Thursday, November 5, 2009

Indexes Often Mask Underlying Trends

It’s an accepted practice in the world of investing to report investment performance or trends based on broad indexes. That’s why you typically hear media outlets reporting the Dow Jones Industrial Average or the S&P 500 Index as representative of the overall stock market. While there’s certainly nothing wrong with that, simply focusing on these broader indexes can mask important underlying trends taking place. For example, the S&P 500 Index consists of 10 broad sectors. So far this year, the top performing sector (using sector ETFs) is Technology, with a 36.6% return. On the other hand, the worst performing sector is Utilities, with a mere 1.3% gain. Of course, if you take this a step further and focus on the individual stocks, the discrepancy is much, much wider.

The same holds true with commodities. We’ve owned a broadly diversified commodities fund that tracks the Dow Jones/UBS Commodity Index for several years. The index consists of 19 underlying commodity futures contracts. The security we own (which is an Exchange Traded Note) has performed fairly well this year; it’s up 15.8% so far. But since we know that several individual commodities are up much more than that, we were curious what's been holding it back. As shown on the chart below, it turns out that the very economically-sensitive base metals (aluminum, copper, etc) have performed the best in response to the unfolding economic recovery, energy (oil, gasoline, etc) and precious metals (gold, silver) have also done very well, but the agricultural commodities (corn, wheat, soybeans, etc) have lagged.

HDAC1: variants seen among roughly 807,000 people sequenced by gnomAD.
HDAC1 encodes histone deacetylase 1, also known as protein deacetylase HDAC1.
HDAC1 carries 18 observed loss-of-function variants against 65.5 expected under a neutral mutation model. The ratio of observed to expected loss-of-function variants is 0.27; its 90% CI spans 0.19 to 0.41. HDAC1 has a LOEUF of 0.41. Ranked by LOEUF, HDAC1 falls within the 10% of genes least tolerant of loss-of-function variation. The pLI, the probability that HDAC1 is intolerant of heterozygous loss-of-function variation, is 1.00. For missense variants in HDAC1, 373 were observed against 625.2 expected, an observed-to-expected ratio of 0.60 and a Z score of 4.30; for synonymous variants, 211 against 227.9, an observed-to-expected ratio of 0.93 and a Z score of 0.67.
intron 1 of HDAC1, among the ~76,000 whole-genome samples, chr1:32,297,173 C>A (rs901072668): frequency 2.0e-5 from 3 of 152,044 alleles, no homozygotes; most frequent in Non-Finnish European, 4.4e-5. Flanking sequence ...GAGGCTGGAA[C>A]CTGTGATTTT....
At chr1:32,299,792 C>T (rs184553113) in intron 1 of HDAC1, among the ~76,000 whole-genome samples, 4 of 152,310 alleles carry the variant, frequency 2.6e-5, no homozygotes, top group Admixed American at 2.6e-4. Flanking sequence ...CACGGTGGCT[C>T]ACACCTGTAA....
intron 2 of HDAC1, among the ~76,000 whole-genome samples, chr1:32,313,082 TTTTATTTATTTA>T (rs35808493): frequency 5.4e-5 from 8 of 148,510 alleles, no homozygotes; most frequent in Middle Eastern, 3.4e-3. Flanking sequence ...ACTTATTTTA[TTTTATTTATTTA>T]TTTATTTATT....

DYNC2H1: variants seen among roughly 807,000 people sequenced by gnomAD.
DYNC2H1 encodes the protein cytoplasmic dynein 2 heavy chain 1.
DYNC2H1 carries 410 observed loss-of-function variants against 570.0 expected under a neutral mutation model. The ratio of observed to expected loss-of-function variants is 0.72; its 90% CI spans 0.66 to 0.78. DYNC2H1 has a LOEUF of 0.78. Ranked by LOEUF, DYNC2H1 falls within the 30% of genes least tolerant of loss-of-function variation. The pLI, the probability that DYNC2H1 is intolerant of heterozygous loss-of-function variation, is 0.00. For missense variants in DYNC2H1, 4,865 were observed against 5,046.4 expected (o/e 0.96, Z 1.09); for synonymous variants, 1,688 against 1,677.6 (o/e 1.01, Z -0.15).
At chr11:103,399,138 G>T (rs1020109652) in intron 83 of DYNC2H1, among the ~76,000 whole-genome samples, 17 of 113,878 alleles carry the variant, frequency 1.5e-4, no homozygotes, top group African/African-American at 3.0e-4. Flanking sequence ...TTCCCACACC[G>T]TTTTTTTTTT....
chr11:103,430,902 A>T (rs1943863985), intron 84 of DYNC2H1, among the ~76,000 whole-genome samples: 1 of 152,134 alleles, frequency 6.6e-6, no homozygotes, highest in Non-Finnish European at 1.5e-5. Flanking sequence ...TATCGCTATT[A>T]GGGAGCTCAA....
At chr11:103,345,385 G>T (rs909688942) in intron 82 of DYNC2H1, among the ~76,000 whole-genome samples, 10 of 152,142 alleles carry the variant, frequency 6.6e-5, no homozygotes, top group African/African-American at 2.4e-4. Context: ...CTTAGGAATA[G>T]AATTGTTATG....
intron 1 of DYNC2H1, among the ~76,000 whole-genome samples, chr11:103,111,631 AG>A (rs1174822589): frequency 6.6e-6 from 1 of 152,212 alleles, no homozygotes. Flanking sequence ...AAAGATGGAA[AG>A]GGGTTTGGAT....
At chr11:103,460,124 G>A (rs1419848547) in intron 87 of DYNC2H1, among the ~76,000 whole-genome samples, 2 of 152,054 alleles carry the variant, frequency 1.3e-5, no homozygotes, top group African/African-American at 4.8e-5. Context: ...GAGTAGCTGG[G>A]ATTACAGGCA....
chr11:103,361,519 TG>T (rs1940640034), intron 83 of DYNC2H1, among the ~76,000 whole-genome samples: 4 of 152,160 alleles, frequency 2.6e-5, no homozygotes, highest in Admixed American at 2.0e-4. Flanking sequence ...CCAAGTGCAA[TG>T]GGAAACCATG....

The point here is that drilling down below the surface can often reveal important underlying trends that can be much different than what’s implied at the broader index level. And with a growing number of more targeted investment choices, we have more options than ever to try and take advantage of this effect, which may provide additional opportunities to add value for our clients.

Chart - Base Metals (red), Energy (blue), Precious Metals (green), Agriculture (pink)